Microsite is the new hotness. So, we really should stop to think through the implications and carefully weigh out the biblical merit of the movement. Never jump headlong into any trend without considering that.
But, honestly, I’ve found that when people ask if microsite is biblical, what they’re really wondering about is spiritual formation. Are people truly growing in Christ when they’re watching church on couches? Can they mature as disciples around dining room tables?
The answer is this: It depends. It’s the same issue you have with small groups, for example. You can run the gamut of everything from true biblical community to something closer to a TV-watching, snack-chomping party. The biblical bonafides of calling microsites a church aren’t in the container as much as they are in the intentionality.
Acts points out that early believers met from home to home, but they weren’t there just to hang. They were there to eat together, to learn together, to pray together. The Twelve were set aside to focus on studying and teaching, but the nitty gritty of that teaching played out in smaller communities.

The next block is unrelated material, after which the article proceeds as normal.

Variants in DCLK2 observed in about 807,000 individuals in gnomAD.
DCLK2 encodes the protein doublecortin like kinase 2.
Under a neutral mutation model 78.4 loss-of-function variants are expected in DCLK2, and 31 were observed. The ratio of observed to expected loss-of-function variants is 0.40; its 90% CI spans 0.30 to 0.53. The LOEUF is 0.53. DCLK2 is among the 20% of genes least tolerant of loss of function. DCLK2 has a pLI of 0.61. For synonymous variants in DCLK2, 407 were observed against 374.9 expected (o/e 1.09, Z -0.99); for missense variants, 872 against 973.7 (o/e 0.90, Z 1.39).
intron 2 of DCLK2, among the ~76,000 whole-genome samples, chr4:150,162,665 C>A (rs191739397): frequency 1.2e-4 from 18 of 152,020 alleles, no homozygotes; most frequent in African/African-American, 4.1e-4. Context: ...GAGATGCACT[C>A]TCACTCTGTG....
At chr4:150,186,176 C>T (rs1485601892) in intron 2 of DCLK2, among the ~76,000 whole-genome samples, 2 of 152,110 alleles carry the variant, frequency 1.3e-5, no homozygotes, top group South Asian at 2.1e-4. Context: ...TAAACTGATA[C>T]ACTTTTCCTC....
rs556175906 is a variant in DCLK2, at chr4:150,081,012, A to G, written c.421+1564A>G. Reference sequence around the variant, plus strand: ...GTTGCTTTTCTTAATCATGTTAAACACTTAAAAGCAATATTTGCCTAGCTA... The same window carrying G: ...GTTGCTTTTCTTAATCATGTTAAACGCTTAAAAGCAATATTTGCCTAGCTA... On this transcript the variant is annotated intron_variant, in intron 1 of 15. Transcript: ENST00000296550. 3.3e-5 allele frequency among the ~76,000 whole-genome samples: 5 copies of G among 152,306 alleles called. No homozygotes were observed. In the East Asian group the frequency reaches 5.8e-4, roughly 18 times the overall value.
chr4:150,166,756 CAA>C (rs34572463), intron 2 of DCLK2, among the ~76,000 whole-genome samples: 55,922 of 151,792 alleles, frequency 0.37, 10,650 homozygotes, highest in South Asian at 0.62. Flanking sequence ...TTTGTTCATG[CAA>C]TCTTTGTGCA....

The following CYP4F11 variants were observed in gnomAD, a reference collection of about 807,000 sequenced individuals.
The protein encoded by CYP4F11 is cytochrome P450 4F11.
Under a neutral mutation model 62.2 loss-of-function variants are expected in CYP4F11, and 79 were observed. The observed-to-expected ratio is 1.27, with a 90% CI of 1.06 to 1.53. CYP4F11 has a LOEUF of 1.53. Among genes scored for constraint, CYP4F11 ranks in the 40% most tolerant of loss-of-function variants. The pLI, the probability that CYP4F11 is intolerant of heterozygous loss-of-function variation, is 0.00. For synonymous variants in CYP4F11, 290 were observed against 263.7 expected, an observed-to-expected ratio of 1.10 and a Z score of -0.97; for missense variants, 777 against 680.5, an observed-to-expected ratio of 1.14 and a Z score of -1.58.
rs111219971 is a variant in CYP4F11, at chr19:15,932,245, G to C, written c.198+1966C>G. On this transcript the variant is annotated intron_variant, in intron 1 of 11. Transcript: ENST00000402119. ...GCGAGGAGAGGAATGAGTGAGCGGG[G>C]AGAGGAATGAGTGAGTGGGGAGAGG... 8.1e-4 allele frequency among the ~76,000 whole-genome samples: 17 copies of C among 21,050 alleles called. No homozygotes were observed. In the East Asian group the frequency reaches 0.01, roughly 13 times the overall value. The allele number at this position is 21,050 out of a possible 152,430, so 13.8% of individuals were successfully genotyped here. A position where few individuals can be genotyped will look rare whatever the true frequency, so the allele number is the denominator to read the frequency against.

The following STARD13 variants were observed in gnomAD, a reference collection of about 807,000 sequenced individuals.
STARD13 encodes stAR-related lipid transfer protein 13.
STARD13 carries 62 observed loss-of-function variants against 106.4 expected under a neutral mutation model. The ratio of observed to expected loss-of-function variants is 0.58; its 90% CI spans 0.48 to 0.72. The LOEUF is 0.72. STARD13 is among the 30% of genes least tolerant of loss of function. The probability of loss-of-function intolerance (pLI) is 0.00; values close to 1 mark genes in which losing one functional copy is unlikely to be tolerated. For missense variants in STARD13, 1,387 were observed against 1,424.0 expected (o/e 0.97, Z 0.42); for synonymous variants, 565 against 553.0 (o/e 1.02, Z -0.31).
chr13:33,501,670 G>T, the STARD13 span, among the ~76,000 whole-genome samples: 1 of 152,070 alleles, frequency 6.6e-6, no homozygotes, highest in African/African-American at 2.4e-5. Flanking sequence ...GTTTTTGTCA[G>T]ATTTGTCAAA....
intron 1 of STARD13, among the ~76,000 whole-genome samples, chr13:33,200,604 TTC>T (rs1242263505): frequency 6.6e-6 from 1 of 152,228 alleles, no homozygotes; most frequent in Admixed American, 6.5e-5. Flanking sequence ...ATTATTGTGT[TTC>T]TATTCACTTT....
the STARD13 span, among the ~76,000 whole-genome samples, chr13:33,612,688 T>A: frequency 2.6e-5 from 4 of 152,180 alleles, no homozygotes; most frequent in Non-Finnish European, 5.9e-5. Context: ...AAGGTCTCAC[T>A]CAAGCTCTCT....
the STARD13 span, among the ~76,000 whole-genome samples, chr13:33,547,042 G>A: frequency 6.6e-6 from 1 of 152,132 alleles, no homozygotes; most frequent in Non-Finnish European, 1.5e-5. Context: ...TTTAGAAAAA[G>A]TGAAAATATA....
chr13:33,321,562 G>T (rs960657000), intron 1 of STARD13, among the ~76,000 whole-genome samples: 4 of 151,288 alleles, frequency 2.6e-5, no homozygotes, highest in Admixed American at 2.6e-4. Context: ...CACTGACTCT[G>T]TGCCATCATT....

Let’s just be blunt here. Microsites are not church buildings. For some people, that’s a non-starter. And so, if they’re the type who thinks “having church” requires a steeple and a pulpit in a building down the street, then microsites aren’t for them. But the Bible never defined the early church by a type of building. The Bible defines the church by people—specifically, disciples making disciples making disciples.
On the other hand, just having a live-stream on a Sunday doesn’t automatically mean you have a church gathering. If there’s no vital connection to a body of believers, no life change, then you have a spectator sport. Microsite churches—if they truly are churches—depend on intentionality toward discipleship. This shows up in many ways, such as people using their gifts, a focus on studying the Word together, worship, prayerfulness, serving each other, evangelism, and everything you’d expect in a vibrant, life-giving church.
Not every microsite will be killing it in all these areas, but you should see an intentional effort in that direction. A church is supposed to be a living thing, no matter where that church meets.
So, is microsite biblical? It depends. But that’s true for any community that calls itself a church.
How can you ensure your microsites will be biblical? You have to think strategically. You prayerfully watch where God’s at work, and then you go in with a plan.